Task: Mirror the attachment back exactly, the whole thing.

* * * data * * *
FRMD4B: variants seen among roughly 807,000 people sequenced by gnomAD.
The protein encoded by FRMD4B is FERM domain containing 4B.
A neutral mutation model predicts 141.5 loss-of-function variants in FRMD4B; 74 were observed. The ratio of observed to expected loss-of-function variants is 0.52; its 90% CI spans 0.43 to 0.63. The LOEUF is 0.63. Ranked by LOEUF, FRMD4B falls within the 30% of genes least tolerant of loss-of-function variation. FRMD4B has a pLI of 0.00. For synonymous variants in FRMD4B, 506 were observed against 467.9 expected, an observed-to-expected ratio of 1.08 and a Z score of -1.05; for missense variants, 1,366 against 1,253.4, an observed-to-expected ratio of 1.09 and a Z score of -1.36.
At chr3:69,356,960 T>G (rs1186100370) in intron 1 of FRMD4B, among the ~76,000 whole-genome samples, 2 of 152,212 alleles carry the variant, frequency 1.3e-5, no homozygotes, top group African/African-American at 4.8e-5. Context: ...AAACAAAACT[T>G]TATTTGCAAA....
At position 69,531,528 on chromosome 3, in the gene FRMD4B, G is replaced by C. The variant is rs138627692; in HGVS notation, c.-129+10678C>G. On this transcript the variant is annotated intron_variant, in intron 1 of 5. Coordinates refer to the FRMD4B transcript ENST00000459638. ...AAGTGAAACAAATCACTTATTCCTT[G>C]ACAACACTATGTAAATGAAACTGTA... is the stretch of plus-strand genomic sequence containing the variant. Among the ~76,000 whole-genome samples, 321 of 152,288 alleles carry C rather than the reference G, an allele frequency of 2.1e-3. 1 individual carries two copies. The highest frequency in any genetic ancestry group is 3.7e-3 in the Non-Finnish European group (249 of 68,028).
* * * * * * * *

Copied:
FRMD4B: variants seen among roughly 807,000 people sequenced by gnomAD.
The protein encoded by FRMD4B is FERM domain containing 4B.
A neutral mutation model predicts 141.5 loss-of-function variants in FRMD4B; 74 were observed. The ratio of observed to expected loss-of-function variants is 0.52; its 90% CI spans 0.43 to 0.63. The LOEUF is 0.63. Ranked by LOEUF, FRMD4B falls within the 30% of genes least tolerant of loss-of-function variation. FRMD4B has a pLI of 0.00. For synonymous variants in FRMD4B, 506 were observed against 467.9 expected, an observed-to-expected ratio of 1.08 and a Z score of -1.05; for missense variants, 1,366 against 1,253.4, an observed-to-expected ratio of 1.09 and a Z score of -1.36.
At chr3:69,356,960 T>G (rs1186100370) in intron 1 of FRMD4B, among the ~76,000 whole-genome samples, 2 of 152,212 alleles carry the variant, frequency 1.3e-5, no homozygotes, top group African/African-American at 4.8e-5. Context: ...AAACAAAACT[T>G]TATTTGCAAA....
At position 69,531,528 on chromosome 3, in the gene FRMD4B, G is replaced by C. The variant is rs138627692; in HGVS notation, c.-129+10678C>G. On this transcript the variant is annotated intron_variant, in intron 1 of 5. Coordinates refer to the FRMD4B transcript ENST00000459638. ...AAGTGAAACAAATCACTTATTCCTT[G>C]ACAACACTATGTAAATGAAACTGTA... is the stretch of plus-strand genomic sequence containing the variant. Among the ~76,000 whole-genome samples, 321 of 152,288 alleles carry C rather than the reference G, an allele frequency of 2.1e-3. 1 individual carries two copies. The highest frequency in any genetic ancestry group is 3.7e-3 in the Non-Finnish European group (249 of 68,028).